For gastric involvement, a chief adjustment is to eat the same number of calories, but over five or six meals instead of three. And, for the small bowel, the idea is to avoid gas-producing foods, such as lactose, fructose and wheat, and high-sugar foods.
The somatostatin analogue, octreotide, and the acetylcholinesterase inhibitor, pyridostigmine, are two additional prokinetic options for the small bowel.
Antibiotics are also an option but, Dr. Clarke said, “there are no guidelines as to which ones you use, how long to use them, which cycle to do.” His approach is to try ciprofloxacine, metronidazole or rifaximin for two weeks, then decide on how frequently to rotate them, and whether to incorporate an antibiotic-free period, based on the clinical response.
For the colon, treatments include osmotic laxatives; lubiprostone to stimulate chloride secretion, although it comes with “pretty significant” nausea effects; and linaclotide to stimulate fluid secretion.
Referral & Tests
Dr. Clarke said a patient should be referred to a gastroenterologist if a clinical presentation is unusual, if a patient isn’t responding to typical treatment, if there is a concern about complications or if there is a need for a procedure.
There is some belief that an endoscopy should be done relatively early in these patients, in part because of a heightened risk of Barrett’s esophagus, which in most patients is about a 12% risk. Dr. Clarke noted, though, that such a risk is “not terribly different from all comers.” There is also a high prevalence of strictures, reflux esophagitis and a concern that symptoms might not well represent the findings from an endoscopy.
A four-stage process of GI involvement [in scleroderma] has been proposed, with an early vascular lesion followed by neural dysfunction, & then smooth muscle atrophy followed by smooth muscle fibrosis. … Dysmotility is the main manifestation, with poor propulsion of food through the gut.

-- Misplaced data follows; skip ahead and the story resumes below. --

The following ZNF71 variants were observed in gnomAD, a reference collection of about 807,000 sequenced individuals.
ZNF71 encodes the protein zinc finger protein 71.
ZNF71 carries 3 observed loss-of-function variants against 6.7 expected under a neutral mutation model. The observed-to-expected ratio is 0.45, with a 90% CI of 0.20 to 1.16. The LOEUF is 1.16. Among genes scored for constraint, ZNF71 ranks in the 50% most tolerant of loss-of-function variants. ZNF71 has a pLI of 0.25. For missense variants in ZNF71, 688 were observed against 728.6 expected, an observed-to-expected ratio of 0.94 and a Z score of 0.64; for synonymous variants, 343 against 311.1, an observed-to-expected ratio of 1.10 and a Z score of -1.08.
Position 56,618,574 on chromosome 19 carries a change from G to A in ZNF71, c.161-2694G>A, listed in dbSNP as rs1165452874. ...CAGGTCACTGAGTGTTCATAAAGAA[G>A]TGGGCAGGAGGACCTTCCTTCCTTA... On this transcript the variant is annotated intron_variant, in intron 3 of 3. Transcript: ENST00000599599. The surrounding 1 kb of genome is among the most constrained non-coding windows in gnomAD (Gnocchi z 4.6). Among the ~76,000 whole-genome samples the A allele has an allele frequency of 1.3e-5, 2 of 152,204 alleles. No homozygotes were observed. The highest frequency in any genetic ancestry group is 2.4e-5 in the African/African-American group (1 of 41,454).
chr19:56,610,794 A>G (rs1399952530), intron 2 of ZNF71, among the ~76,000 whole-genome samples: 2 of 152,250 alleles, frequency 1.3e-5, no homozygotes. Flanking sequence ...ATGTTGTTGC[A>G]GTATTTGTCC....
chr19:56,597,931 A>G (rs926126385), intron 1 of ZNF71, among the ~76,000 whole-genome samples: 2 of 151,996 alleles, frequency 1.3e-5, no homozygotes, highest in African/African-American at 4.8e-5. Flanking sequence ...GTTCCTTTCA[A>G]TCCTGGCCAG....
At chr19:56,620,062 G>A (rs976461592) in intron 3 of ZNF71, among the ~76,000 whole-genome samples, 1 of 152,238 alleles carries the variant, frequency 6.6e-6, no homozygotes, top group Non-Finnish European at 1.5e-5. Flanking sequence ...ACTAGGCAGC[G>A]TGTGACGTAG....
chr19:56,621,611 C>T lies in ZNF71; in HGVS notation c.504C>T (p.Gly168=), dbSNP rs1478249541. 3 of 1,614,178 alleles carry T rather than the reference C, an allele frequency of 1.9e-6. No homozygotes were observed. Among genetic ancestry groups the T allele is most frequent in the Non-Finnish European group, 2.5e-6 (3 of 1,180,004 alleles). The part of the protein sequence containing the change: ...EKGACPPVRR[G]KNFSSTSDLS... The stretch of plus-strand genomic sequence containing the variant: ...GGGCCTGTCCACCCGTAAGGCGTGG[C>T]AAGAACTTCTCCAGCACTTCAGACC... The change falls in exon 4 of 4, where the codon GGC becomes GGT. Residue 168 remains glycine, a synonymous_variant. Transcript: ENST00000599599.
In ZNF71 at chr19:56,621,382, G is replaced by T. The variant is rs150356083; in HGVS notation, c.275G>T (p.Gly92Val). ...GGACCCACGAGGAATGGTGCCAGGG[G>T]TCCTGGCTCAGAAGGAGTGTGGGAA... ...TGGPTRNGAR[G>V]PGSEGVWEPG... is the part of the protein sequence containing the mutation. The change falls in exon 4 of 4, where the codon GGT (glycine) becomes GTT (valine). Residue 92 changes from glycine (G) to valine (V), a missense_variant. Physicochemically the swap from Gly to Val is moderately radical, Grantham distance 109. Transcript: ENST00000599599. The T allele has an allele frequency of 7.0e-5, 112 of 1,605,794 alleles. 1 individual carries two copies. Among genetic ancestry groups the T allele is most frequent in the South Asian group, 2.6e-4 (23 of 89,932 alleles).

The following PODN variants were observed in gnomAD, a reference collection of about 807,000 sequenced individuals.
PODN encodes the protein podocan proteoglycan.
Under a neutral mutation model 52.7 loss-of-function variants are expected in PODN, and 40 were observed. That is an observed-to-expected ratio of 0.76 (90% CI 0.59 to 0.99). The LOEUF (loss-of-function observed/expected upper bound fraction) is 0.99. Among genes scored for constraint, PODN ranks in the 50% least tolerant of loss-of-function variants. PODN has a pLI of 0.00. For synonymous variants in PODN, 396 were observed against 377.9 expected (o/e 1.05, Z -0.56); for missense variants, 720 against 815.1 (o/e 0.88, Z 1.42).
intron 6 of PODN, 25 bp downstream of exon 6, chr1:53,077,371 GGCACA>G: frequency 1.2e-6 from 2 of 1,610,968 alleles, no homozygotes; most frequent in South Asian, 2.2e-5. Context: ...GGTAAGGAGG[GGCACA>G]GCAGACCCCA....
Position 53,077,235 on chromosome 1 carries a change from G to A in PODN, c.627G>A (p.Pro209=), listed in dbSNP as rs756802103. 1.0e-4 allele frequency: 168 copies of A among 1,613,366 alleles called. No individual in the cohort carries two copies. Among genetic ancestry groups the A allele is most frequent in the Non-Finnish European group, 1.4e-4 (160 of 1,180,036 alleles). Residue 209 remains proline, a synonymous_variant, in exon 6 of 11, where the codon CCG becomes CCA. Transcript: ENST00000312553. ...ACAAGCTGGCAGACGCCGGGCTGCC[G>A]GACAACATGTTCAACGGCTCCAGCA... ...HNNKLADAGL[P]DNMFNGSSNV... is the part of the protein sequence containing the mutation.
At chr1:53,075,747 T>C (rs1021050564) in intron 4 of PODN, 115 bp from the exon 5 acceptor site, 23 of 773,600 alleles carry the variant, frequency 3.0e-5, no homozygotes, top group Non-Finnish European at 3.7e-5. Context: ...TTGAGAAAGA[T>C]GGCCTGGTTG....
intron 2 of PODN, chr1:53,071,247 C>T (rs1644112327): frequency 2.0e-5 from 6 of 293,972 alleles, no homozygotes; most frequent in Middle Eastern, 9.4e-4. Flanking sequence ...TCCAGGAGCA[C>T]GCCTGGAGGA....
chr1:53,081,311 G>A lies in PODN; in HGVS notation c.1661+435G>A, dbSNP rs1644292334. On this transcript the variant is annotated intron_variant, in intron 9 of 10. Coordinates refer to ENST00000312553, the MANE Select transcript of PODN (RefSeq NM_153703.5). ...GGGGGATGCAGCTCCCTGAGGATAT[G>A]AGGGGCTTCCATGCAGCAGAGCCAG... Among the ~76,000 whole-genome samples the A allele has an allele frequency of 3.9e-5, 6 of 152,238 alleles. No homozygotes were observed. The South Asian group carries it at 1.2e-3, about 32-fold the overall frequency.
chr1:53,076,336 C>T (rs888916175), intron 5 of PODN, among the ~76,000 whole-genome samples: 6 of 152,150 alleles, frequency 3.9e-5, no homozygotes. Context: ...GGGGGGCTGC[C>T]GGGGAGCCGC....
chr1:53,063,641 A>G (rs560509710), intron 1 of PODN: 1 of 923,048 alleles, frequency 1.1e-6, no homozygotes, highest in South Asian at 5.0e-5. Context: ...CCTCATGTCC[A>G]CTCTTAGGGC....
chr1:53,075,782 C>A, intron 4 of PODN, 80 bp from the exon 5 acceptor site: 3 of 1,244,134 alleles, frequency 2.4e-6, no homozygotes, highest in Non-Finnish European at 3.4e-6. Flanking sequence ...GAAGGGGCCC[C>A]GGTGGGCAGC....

There has also been a case made for early manometry, because of an association between esophageal dysmotility and lung disease, although Dr. Clarke said this supposed benefit is controversial as well.
When medical treatment fails, physicians can turn to barium studies, endoscopy, manometry and formal reflux testing.
“We have a number of tools that we can use to better define what’s going on with both movement and reflux, and then hopefully take that information and try and customize what patients are on at that point,” Dr. Clarke said.
Several important questions in the area of dysmotility and autoimmune disorders beg to be answered, he said—including whether GI involvement progresses with time, whether there are clinically distinct subsets, whether early treatments prevent GI complications, how the microbiome is involved and, most importantly, what the underlying cause is.